Andrew Zornoza in the Media

Andrew Zornoza's Where I Stay reviewed at Hyperallergic

"A really strange and beautiful use of photography in experimental literature," writes Allison Meier, Where I Stay (TSky Press, 2009) is "compact prose set to the rhythm of poetry," a "both spare and sprawling interpretation" of "dislocated loneliness in being unmoored, in drifting away from connections and places until you become stuck somewhere again."

Andrew Zornoza’s Where I Stay reviewed at The Black Sheep Dances

The Black Sheep Dances reviews Andrew Zornoza’s *Where I Stay* (Tarpauin Sky Press): "This definitely isn't the scenic route: Zornoza's travels take him to the edge of urban life, mainly concentrating on the rough roads and deserted highways that have been left in the past by time and progress. The landscape is grey, gritty, and jagged: much like the words he chooses to describe his interactions and his reactions to it all.... An excellent collection.... It reminded me somewhat of Sam Shepherd's Day Out of Days."

Rain Taxi, via Powell’s, reviews Andrew Zornoza’s Where I Stay

At Powell's, via Rain Taxi, John Madera reviews Andrew Zornoza's *Where I Stay* (Tarpaulin Sky Press, 2009): "Zornoza's narrator, with a languorous but precise lyricism, traverses the Mid- and Southwestern United States, telling tales of greasy, smoky bus terminals and truck stops.... He selects details with a jeweler's precision, endowing them with symbolic meaning and using rhythmic prose that twists and turns like the many roads on which his narrator travels.... Zornoza is as much a novelist as he is a cartographer of loneliness, doubt, and fear, one that fearlessly delineates the stark realms of disappointment, unrequited love, and unfulfilled dreams."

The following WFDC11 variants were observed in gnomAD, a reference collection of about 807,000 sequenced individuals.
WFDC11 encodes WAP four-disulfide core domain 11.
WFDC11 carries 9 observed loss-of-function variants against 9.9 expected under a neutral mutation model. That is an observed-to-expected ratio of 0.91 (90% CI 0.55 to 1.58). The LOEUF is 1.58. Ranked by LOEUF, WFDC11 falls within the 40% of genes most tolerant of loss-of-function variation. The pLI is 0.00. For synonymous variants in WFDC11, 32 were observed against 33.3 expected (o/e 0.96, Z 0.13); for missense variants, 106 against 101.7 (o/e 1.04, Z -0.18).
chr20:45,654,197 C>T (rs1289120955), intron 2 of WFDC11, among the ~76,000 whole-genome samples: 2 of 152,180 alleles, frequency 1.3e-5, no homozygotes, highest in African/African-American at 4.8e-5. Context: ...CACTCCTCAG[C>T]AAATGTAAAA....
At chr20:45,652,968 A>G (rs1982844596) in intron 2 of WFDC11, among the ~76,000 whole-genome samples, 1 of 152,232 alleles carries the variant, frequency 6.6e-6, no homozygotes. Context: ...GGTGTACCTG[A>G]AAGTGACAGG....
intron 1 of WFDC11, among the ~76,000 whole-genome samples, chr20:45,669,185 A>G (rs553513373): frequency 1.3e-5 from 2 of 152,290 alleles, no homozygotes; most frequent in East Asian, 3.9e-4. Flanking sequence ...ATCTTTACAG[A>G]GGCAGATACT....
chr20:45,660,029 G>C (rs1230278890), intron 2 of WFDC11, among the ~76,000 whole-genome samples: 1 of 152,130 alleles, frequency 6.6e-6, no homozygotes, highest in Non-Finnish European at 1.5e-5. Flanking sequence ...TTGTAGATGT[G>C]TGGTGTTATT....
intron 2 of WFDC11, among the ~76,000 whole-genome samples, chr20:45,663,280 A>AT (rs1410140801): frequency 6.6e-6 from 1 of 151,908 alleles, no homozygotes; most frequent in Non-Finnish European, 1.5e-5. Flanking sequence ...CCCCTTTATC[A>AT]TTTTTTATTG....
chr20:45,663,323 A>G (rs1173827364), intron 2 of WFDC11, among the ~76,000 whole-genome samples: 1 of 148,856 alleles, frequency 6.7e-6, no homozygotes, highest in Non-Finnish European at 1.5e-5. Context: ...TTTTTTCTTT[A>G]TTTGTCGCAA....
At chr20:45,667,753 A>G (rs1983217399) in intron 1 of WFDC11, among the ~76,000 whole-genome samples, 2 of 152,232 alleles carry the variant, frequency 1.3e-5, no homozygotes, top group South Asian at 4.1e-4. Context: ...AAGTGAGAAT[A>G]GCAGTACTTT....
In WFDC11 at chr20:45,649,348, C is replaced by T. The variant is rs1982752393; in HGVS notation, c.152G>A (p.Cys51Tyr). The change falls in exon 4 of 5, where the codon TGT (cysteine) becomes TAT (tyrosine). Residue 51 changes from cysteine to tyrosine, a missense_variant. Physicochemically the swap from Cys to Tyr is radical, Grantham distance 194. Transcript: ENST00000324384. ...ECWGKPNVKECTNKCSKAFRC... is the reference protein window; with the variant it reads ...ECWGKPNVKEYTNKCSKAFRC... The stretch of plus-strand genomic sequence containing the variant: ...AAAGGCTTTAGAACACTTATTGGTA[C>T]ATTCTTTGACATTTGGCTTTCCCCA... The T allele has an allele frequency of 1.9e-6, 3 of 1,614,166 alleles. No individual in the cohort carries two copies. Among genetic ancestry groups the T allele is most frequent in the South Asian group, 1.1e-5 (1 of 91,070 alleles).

The Review of Contemporary Fiction reviews Andrew Zornoza's Where I Stay

Review of Contemporary Fiction on Andrew Zornoza's *Where I Stay*: "Squarely situated between the ethos of Jack Kerouac and Walker Evans. Where I Stay is a novel of almost pure voice, told in diaristic fragments coupled with photographs whose captions are drawn from other moments in the time of the narrative. . . . a young man moving aimlessly through an America moving violently through him. In and out of cars, of the arms of lovers, looking for someone he lost, for a moment of rest. . . A year passes, days and weeks omitted, blank spaces where the lives of criminals, kind families, abandoned dogs and factory workers continue to be lived. . . . Those who filled his world he can now find 'only in the cracks.'"

Andrew Zornoza’s Where I Stay reviewed at elimae